The Everest Metro Police Department and Rothschild Police Department merger nearly slipped by everyone
Our deeper dive on the potential merger
News that the Everest Metro and Rothschild police departments could become one department nearly slipped by everyone in the news. The agendas of those municipalities hinted at some kind of potential merger of government services. And included in the closed session agenda was discussion of police staffing. But nothing explicitly explained to the public that they were considering a potential merger.
In meetings last Monday, the boards of both the Village of Rothschild and the Village of Weston approved the hiring of a consultant to study and advise on the issue. The Schofield City Council followed suit the following day at their Tuesday meeting.
Schofield Mayor Kregg Hoehn told The Wausonian that former Everest Metro Police Chief Dan Vergin will be the consultant hired to lead the study, which will look at whether it makes sense to merge the departments.
Vergin was previously involved in two other previous department mergers in the area – the 2016 merger of the Schofield and Rothschild fire departments and the 1993 merger of the Schofield and Weston police departments that became the Everest Metro Police Department.
Vergin was the first chief of the newly created Everest Metro Police. During the 2016 merger of the Schofield and Rothschild fire departments that became Riverside Fire Department, he was a member of the Schofield City Council. When interviewed by the Wausau Daily Herald about the fire department merger, Vergin provided some insight into the rationale behind merging public services as well as some of the challenges. “We’re going to be saving money all the way,” Vergin said of the 2016 merger at the time. In the same interview he indicated that a hurdle to any department merger is forging a spirit of cooperation between the uniting departments. This invites the question of whether inter-department cooperation could pose a risk to the success of the current proposed police department merger.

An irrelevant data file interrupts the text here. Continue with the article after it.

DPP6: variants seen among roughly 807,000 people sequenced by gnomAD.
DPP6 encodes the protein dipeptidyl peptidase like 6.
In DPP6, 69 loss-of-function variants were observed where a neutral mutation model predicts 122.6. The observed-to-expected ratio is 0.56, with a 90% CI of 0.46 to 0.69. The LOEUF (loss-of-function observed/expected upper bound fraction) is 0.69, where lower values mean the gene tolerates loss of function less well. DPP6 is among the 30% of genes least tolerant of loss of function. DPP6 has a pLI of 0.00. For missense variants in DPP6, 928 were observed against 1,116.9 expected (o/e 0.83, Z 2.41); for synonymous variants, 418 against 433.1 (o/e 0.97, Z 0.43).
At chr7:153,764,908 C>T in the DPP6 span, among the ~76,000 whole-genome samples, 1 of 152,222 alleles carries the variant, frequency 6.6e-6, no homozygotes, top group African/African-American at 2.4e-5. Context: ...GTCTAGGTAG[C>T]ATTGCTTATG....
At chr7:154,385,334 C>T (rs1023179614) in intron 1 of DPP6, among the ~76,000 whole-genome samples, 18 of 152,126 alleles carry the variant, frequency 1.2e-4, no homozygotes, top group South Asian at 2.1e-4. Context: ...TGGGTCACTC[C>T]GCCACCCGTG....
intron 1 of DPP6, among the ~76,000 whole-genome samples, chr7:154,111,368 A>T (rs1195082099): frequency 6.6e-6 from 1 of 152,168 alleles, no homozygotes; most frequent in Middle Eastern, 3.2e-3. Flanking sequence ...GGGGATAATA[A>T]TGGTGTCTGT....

What prompted the municipalities to look at a merger? Village of Weston Board President Mark Maloney cited the benefits of increased coordination of law enforcement as well as a cutback of redundancies. “Look at the duplication with buildings, cars, equipment, computers,” he said. “[The departments] work so well together, but yet I think if it was all one, it would work even better.”
Maloney also said that Everest Metro will be putting a hold on hiring for any new positions while merger discussions are underway. Current Everest Metro Police Chief Clay Schulz will be retiring on Feb. 1.
Maloney indicated that a likely candidate for police chief of the new merged police department is current and longtime Rothschild Chief of Police Jeremy P. Hunt. The Wausonian reached out to Chief Hunt for comment on this possibility, but did not receive a response.
Name and place
Hoehn said that although a final determination on the location of the new department’s headquarters will not be made until the study is completed, one idea is to use the current Rothschild police department headquarters.
Both Maloney and Hoehn confirmed that the merged department would have a new name, rather than carry the name of one of the former departments. The new name has yet to be decided. When I asked Mark Maloney if he knows what the new name might be, he responded with a joke: “My suggestion was ‘Mark’s police department’, but they didn’t take to it”.
Maloney also had some light-hearted ideas for the look of the new squad cars. “I also want yellow and blue squad cars like Sweden, but they didn’t go along with that either,” he said. But his point wasn’t completely in jest – Maloney felt that any police force should be highly visible and clearly identifiable, and he lamented that the standard look for police cars across the country tends toward drab, darker colors.
This wasn’t the first time that there was talk of the Everest Metro and Rothschild departments joining together. A merger of the two was attempted in August 2013, but the plan was rejected by the Rothschild Village Board.
Schofield mayor Kregg Hoehn explained to The Wausonian why it didn’t fly back then:
“The last time, basically there was talk and then it was brought to a municipality instead of including that municipality in the talks itself. So they really went about it wrong. And therefore it felt like it was getting jammed down their throats,” he said of the previous failed merger. “So you can't do something like that if you want to merge and be equal partners.”
The police department merger follows the trend of combining government services to save money. Proponents of SAFER, which combined Weston and Rib Mountain fire services and contracts with other municipalities, say the service has saved the municipalities money. Rothschild and Schofield in 2016 combined their fire departments, setting the stage for additional mergers.
The merger is expected to take several months, after which information will be presented to all three municipal boards. After that, everyone will have to decide if they want to merge the departments.
Editor’s note: Devon Welsh is now covering Weston for The Wausonian, and I didn’t expect him to get his first scoop so quickly. We broke the news Wednesday, before any other press could get on top of it. I contributed some context to the report, since I reported on the 2016 merger between the Rothschild/Schofield Fire Departments, now called Riverside.